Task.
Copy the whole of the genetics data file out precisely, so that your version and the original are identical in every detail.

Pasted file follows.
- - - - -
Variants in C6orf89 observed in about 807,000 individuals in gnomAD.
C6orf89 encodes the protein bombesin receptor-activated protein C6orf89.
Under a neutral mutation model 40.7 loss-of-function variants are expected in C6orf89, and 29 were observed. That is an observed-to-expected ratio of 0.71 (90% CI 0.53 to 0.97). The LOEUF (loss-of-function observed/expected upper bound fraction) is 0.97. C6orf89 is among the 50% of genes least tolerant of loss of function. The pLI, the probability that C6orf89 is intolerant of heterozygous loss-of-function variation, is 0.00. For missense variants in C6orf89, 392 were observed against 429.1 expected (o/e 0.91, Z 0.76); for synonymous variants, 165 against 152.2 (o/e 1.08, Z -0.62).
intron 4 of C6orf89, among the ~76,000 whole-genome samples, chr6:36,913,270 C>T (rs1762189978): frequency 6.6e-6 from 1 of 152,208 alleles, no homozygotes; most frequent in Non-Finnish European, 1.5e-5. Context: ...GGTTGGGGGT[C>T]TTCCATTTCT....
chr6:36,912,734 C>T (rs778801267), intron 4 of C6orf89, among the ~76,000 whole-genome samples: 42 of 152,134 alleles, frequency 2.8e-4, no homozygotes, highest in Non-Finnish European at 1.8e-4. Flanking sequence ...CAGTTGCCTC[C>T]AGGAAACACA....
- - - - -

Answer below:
Variants in C6orf89 observed in about 807,000 individuals in gnomAD.
C6orf89 encodes the protein bombesin receptor-activated protein C6orf89.
Under a neutral mutation model 40.7 loss-of-function variants are expected in C6orf89, and 29 were observed. That is an observed-to-expected ratio of 0.71 (90% CI 0.53 to 0.97). The LOEUF (loss-of-function observed/expected upper bound fraction) is 0.97. C6orf89 is among the 50% of genes least tolerant of loss of function. The pLI, the probability that C6orf89 is intolerant of heterozygous loss-of-function variation, is 0.00. For missense variants in C6orf89, 392 were observed against 429.1 expected (o/e 0.91, Z 0.76); for synonymous variants, 165 against 152.2 (o/e 1.08, Z -0.62).
intron 4 of C6orf89, among the ~76,000 whole-genome samples, chr6:36,913,270 C>T (rs1762189978): frequency 6.6e-6 from 1 of 152,208 alleles, no homozygotes; most frequent in Non-Finnish European, 1.5e-5. Context: ...GGTTGGGGGT[C>T]TTCCATTTCT....
chr6:36,912,734 C>T (rs778801267), intron 4 of C6orf89, among the ~76,000 whole-genome samples: 42 of 152,134 alleles, frequency 2.8e-4, no homozygotes, highest in Non-Finnish European at 1.8e-4. Flanking sequence ...CAGTTGCCTC[C>T]AGGAAACACA....